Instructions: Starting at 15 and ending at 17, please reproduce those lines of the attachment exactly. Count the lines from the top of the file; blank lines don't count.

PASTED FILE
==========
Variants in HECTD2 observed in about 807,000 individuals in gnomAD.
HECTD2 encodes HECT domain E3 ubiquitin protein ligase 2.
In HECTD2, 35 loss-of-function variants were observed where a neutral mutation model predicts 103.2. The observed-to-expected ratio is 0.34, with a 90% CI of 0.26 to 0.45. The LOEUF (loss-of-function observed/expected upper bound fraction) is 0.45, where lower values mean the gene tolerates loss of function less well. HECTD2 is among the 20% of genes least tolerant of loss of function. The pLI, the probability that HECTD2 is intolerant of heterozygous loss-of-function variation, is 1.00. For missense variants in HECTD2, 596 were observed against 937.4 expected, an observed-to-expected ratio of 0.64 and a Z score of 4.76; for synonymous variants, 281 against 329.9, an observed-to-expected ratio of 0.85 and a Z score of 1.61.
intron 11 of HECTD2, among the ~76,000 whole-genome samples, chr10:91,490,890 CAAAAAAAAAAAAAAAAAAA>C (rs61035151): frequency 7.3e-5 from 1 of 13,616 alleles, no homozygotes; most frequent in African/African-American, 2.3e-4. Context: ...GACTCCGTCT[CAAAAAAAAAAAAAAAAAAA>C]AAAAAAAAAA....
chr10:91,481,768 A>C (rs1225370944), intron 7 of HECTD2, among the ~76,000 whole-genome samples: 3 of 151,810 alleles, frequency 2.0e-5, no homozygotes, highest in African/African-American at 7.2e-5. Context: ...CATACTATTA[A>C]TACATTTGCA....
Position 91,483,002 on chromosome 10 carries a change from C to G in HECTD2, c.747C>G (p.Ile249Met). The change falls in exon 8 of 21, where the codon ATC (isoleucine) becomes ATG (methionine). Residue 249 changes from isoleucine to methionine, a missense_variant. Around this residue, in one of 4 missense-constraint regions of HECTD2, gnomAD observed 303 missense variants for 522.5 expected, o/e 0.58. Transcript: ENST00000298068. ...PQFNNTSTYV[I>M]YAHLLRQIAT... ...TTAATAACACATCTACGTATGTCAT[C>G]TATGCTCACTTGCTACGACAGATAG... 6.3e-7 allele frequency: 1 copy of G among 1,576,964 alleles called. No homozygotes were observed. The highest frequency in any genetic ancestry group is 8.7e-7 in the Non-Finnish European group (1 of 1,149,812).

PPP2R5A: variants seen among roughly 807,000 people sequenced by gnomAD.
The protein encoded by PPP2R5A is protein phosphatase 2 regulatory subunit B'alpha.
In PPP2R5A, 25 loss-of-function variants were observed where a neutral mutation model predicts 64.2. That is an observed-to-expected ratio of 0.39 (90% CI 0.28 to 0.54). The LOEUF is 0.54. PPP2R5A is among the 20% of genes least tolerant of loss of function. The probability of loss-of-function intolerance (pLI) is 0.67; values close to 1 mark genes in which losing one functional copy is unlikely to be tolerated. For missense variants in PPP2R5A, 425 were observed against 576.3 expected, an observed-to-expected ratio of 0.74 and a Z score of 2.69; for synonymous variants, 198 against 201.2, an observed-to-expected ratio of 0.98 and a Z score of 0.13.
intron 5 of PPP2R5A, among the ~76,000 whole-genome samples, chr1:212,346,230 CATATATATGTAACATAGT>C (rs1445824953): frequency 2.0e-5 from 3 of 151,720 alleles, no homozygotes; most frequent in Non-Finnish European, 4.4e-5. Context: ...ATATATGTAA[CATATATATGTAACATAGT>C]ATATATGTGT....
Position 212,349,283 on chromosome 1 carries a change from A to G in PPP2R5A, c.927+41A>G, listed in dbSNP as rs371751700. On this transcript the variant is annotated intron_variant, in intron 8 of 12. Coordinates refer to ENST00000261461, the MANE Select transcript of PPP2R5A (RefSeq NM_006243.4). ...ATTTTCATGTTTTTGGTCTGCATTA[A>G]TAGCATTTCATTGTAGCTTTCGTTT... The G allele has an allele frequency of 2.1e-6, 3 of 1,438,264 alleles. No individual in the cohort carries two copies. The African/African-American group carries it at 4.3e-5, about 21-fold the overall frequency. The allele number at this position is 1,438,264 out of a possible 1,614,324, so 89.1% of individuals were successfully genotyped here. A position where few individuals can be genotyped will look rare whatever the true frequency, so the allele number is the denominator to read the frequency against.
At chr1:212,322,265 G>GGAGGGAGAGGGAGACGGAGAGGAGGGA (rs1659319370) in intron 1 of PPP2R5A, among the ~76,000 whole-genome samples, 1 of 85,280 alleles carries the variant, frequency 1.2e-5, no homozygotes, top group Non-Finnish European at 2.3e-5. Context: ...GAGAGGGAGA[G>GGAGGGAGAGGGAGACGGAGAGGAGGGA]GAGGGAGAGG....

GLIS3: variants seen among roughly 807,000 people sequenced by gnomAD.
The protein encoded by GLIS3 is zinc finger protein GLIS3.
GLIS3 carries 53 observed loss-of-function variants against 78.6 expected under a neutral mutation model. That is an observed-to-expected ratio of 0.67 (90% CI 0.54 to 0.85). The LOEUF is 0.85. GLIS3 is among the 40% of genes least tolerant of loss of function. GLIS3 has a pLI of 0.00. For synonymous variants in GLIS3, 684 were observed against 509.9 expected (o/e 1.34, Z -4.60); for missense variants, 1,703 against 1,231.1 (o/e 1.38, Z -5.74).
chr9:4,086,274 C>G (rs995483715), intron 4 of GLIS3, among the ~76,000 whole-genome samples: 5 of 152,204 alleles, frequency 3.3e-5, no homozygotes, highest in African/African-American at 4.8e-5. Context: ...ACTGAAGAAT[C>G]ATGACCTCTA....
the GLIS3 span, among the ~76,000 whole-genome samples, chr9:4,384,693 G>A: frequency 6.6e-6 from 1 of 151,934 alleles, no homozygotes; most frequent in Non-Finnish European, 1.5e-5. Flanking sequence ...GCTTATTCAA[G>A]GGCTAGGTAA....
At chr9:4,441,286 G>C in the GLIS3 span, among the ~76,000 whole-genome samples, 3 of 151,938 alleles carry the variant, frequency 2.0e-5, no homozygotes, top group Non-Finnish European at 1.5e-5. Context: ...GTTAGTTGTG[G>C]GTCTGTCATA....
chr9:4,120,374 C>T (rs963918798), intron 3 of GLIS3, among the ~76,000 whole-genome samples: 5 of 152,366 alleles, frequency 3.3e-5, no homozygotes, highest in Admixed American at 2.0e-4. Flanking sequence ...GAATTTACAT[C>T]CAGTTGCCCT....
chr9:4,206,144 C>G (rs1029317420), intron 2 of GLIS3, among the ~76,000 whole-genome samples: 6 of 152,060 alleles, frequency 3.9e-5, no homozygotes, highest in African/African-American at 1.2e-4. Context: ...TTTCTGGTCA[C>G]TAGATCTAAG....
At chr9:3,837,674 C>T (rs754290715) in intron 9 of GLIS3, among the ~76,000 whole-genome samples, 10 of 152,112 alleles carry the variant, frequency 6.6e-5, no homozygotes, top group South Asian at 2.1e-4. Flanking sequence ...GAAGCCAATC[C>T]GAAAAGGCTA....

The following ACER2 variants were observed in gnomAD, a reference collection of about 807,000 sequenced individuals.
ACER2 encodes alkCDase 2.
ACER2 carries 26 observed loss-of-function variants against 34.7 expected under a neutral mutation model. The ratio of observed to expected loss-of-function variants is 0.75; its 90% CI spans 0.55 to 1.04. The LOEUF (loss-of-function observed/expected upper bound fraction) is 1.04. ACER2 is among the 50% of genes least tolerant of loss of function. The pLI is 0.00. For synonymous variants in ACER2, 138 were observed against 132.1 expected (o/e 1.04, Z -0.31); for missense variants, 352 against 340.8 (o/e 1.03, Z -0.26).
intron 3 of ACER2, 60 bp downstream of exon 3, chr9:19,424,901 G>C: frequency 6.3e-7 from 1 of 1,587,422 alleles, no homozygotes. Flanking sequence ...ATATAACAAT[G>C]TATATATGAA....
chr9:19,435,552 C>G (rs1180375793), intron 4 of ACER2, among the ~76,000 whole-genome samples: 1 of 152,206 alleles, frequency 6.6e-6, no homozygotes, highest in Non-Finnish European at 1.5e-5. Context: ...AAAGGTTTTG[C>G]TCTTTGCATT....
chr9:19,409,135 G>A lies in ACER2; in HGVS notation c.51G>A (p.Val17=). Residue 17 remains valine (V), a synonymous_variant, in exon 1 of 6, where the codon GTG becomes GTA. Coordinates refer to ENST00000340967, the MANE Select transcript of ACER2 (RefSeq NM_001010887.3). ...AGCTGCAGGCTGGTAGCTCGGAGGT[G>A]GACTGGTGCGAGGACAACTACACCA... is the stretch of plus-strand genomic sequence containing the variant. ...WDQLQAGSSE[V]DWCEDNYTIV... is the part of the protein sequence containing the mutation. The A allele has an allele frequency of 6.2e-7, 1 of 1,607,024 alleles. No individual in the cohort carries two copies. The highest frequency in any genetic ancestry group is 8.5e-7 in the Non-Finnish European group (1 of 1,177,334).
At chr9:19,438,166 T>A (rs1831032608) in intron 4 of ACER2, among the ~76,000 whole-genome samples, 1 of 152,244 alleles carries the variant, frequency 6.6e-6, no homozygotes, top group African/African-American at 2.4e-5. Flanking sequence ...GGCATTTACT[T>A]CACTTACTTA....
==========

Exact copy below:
GLIS3 carries 53 observed loss-of-function variants against 78.6 expected under a neutral mutation model. That is an observed-to-expected ratio of 0.67 (90% CI 0.54 to 0.85). The LOEUF is 0.85. GLIS3 is among the 40% of genes least tolerant of loss of function. GLIS3 has a pLI of 0.00. For synonymous variants in GLIS3, 684 were observed against 509.9 expected (o/e 1.34, Z -4.60); for missense variants, 1,703 against 1,231.1 (o/e 1.38, Z -5.74).
chr9:4,086,274 C>G (rs995483715), intron 4 of GLIS3, among the ~76,000 whole-genome samples: 5 of 152,204 alleles, frequency 3.3e-5, no homozygotes, highest in African/African-American at 4.8e-5. Context: ...ACTGAAGAAT[C>G]ATGACCTCTA....
the GLIS3 span, among the ~76,000 whole-genome samples, chr9:4,384,693 G>A: frequency 6.6e-6 from 1 of 151,934 alleles, no homozygotes; most frequent in Non-Finnish European, 1.5e-5. Flanking sequence ...GCTTATTCAA[G>A]GGCTAGGTAA....